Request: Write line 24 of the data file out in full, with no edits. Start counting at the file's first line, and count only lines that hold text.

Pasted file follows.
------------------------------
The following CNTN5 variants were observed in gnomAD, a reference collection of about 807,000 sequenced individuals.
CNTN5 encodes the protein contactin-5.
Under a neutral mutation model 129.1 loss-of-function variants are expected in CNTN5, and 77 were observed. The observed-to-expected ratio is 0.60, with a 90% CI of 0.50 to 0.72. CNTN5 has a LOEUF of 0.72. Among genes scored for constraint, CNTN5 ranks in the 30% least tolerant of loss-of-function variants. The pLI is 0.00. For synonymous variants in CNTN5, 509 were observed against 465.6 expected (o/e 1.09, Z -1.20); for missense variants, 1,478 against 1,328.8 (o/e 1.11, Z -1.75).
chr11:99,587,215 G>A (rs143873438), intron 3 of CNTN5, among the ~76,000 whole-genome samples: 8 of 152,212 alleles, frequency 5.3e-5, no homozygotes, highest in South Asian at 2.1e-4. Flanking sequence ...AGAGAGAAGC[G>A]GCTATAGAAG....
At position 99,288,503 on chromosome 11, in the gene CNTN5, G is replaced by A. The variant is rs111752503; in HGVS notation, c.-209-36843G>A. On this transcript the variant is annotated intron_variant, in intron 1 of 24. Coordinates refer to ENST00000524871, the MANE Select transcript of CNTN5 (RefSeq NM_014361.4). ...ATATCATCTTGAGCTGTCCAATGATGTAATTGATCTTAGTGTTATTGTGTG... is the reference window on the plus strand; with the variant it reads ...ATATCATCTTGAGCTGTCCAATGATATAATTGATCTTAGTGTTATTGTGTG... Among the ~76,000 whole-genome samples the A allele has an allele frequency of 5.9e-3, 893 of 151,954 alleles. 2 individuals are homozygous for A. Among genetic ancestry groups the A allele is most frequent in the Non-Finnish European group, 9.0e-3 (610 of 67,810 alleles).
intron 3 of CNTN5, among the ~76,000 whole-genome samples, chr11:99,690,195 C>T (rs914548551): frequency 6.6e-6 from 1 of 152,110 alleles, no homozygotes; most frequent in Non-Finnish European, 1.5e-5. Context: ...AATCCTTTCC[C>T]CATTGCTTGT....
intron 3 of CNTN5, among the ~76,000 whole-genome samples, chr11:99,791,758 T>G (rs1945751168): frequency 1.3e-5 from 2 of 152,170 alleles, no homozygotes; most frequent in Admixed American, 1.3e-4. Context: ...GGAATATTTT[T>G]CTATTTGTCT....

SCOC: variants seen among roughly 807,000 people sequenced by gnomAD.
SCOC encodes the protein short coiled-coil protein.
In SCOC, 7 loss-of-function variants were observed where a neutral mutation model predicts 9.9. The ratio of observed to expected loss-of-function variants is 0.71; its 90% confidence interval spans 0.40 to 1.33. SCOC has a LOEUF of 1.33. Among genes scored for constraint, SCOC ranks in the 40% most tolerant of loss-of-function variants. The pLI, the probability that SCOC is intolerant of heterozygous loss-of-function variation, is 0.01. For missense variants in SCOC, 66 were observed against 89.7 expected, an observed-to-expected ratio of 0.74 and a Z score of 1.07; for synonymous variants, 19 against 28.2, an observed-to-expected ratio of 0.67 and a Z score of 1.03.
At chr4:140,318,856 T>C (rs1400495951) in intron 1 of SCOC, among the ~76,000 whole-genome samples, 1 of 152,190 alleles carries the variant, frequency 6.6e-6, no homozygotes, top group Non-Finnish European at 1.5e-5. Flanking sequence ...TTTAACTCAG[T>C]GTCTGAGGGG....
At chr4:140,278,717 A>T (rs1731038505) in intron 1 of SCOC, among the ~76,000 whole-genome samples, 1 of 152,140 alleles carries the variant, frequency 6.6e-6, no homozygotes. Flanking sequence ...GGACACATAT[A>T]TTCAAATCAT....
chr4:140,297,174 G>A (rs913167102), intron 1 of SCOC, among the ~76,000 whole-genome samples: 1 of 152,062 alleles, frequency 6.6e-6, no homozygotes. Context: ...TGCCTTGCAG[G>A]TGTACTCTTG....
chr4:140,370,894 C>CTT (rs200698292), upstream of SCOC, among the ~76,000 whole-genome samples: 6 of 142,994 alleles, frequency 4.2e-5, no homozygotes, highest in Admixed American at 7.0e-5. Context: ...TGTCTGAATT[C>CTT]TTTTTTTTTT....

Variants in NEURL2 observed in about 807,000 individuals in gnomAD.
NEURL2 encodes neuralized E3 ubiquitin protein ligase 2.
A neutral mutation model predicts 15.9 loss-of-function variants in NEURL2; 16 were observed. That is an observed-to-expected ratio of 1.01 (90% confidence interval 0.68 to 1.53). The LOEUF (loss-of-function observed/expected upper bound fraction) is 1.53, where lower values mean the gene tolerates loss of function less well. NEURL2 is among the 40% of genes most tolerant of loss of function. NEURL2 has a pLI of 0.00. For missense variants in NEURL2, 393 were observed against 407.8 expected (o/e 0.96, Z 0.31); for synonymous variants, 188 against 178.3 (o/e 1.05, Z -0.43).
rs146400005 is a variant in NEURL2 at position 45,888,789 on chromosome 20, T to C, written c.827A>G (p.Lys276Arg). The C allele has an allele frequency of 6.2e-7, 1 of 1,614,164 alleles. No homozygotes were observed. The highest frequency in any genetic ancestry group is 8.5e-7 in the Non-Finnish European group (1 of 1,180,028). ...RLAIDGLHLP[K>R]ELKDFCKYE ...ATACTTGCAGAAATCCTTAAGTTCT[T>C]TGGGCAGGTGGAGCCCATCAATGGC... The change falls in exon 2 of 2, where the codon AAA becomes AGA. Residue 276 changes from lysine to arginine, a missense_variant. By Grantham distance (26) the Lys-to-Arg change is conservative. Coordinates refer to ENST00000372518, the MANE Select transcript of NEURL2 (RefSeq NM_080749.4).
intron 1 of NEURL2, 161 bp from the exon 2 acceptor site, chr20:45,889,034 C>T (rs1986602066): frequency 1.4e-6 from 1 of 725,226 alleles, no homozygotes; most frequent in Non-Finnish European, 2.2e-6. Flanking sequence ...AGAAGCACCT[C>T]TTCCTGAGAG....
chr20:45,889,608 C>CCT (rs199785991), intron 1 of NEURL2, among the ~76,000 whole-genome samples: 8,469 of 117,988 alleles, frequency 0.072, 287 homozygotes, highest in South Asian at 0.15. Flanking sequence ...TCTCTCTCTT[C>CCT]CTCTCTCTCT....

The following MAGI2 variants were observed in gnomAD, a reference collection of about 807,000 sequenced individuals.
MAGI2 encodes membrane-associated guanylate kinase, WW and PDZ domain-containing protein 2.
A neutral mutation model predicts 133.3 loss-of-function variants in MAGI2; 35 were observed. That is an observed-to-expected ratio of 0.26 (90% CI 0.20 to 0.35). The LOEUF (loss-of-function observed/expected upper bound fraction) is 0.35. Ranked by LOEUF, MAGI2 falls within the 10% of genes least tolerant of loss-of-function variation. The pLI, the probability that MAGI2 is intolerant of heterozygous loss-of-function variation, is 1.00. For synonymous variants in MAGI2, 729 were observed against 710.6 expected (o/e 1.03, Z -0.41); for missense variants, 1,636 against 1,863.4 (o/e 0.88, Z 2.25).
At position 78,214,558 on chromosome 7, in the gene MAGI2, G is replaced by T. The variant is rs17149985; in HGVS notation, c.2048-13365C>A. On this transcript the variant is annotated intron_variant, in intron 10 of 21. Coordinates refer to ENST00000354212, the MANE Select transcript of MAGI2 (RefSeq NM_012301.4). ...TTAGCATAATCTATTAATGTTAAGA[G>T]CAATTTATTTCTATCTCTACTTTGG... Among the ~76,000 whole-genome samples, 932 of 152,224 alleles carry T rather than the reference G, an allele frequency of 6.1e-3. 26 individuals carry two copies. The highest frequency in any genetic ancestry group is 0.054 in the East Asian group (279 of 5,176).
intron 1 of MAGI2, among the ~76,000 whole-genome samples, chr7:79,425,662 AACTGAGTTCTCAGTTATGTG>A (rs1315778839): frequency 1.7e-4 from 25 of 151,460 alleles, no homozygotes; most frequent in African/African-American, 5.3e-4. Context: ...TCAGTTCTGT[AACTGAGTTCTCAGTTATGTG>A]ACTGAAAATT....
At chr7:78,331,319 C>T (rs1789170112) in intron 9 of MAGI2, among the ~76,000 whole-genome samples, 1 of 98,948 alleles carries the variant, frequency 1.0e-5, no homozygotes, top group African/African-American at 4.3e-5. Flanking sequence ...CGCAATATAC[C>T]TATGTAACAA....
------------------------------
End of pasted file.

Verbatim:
At position 78,214,558 on chromosome 7, in the gene MAGI2, G is replaced by T. The variant is rs17149985; in HGVS notation, c.2048-13365C>A. On this transcript the variant is annotated intron_variant, in intron 10 of 21. Coordinates refer to ENST00000354212, the MANE Select transcript of MAGI2 (RefSeq NM_012301.4). ...TTAGCATAATCTATTAATGTTAAGA[G>T]CAATTTATTTCTATCTCTACTTTGG... Among the ~76,000 whole-genome samples, 932 of 152,224 alleles carry T rather than the reference G, an allele frequency of 6.1e-3. 26 individuals carry two copies. The highest frequency in any genetic ancestry group is 0.054 in the East Asian group (279 of 5,176).